80/20 Your Life! by Damon Zahariades
Leaders commonly experience burnout or feel stuck and unmotivated in their careers. It can be easy to feel like there’s never enough time to get everything done at work, let alone continue to build relationships, take care of your health and have time to pursue your own interests. That’s where the 80/20 Your Life! approach can be implemented to carve out more time for what’s really important, while expending less time and energy. Damon Zahariades covers how to manage your home life, build meaningful relationships, and even manage your finances smoothly and easily.
Never Check E-Mail in the Morning by Julie Morgenstern
It can become habitual to hit the alarm, only to check your email immediately after you wake up. The same can be said for checking social media or responding to texts—but that’s no way to get ahead. In Never Check E-Mail in the Morning, Julie Morgenstern argues that checking your email right away (along with other time management and prioritization mistakes) can actually make you less productive and more scattered in your efforts. That’s why she lays out several strategies (including stopping multitasking) to help advancement-minded professionals prioritize and accomplish tasks with clarity and efficiency.
Made to Stick by Chip Heath and Dan Heath
Sometimes, the most-remembered facts aren’t actually true—a conundrum that’s even more prevalent with the rise of fake news. But just because your story, factoid or product isn’t associated with an urban legend doesn’t mean it can’t be memorable—or useful. The authors of Made to Sticklay out several strategies to capture audience attention and increase retention that are derived from true, sticky success stories that utilize the same principles.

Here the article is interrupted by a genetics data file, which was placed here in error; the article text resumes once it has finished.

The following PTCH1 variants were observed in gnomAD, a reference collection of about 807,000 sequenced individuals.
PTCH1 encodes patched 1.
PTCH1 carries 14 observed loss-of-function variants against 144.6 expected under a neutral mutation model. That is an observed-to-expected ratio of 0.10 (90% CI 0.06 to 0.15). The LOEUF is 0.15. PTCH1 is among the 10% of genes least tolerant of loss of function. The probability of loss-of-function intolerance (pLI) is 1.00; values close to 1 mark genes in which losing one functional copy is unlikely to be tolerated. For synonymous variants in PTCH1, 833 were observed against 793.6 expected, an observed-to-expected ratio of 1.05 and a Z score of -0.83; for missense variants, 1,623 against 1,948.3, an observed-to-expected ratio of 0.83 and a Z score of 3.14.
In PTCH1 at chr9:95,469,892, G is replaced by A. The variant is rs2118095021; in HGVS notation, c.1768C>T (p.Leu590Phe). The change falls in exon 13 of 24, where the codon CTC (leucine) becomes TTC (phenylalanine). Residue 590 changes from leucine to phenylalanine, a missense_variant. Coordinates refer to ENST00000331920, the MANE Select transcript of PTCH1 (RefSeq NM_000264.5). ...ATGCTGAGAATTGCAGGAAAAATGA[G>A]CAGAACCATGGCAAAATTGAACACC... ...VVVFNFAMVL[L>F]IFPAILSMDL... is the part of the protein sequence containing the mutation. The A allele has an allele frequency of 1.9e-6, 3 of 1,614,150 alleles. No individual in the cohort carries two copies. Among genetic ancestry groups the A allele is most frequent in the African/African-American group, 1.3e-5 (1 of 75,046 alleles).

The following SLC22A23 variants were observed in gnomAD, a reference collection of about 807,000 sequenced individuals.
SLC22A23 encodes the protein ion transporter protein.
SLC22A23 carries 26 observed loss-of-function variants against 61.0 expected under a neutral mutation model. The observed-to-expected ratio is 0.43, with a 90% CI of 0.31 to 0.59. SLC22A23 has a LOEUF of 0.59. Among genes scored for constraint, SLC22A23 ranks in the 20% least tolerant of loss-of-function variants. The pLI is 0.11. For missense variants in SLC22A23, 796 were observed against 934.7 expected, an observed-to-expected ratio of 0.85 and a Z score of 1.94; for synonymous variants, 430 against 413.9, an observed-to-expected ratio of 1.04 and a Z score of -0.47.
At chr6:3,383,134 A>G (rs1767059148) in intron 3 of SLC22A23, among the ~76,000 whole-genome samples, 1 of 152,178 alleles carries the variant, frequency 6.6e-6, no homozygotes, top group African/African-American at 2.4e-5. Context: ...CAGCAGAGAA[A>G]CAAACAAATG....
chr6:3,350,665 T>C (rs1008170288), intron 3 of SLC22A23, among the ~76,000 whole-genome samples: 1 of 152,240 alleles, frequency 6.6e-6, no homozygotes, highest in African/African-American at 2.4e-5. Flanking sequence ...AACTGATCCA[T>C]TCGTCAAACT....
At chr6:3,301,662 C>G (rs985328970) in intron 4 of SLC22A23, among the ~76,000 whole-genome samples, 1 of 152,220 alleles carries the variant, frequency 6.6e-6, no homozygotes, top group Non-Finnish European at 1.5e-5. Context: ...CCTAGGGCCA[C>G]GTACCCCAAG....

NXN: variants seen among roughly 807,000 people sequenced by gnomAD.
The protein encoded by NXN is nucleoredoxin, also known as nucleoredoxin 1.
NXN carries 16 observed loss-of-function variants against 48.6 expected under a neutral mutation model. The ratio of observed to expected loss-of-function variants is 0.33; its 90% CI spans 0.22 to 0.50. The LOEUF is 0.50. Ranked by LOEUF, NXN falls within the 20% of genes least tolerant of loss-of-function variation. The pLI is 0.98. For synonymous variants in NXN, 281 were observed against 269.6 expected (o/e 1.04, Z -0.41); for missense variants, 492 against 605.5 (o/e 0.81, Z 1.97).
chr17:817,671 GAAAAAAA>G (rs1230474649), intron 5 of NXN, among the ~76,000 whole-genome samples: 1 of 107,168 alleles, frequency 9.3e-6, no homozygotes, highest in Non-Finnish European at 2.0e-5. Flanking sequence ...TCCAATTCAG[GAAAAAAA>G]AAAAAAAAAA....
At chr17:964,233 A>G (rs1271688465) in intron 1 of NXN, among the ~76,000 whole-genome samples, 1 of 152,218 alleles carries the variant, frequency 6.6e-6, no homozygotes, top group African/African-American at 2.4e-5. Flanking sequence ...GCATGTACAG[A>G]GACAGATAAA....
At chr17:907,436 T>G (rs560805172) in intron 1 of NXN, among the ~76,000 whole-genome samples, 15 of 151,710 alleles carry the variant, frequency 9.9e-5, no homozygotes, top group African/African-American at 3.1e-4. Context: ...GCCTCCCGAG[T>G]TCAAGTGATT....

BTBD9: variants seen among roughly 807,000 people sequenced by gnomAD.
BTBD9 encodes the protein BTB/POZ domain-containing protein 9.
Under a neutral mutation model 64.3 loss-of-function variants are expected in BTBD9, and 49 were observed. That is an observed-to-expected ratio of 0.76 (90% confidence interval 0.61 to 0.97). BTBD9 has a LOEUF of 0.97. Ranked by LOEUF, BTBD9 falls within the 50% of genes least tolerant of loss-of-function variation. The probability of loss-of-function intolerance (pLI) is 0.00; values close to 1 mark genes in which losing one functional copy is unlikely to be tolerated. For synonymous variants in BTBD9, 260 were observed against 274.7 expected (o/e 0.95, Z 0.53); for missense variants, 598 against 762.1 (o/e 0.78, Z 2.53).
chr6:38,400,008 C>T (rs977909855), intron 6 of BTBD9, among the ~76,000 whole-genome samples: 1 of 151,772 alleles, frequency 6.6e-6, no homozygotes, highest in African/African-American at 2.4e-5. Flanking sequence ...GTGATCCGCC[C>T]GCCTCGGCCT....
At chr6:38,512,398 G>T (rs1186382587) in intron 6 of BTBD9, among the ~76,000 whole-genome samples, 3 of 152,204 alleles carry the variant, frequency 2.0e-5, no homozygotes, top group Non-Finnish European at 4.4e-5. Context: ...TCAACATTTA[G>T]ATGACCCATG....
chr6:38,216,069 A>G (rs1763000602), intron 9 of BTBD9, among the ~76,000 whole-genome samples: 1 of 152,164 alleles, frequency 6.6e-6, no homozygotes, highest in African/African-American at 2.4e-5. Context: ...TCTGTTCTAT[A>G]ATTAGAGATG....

Indistractable: How to Control Your Attention and Choose Your Life by Nir Eyal
One of the biggest challenges facing us all—especially those wanting considerable career success—is a bevy of distractions. From social media to opportunities that just aren’t quite right for us, we’re easily pulled away from the things that matter most. I read an advance copy of this book—which will be published in September—and Eyal explains how we can balance technology with our well-being and our relationships. He offers numerous steps for getting focused so you can take your career where you want it to go.
The One Thing You Need to Know by Marcus Buckingham
Marcus Buckingham’s third book, The One Thing You Need to Know, outlines a key practice for creating and sustaining a successful business. Successful management, leadership and career success are all possible by continuing to pay attention to the one thing that really matters to you and keeping that “core insight” at the heart of your endeavors. The author backs up his strategies with research and interviews that examine employees at every level of a variety of organizations, all with the goal of distilling their success into reproducible strategies.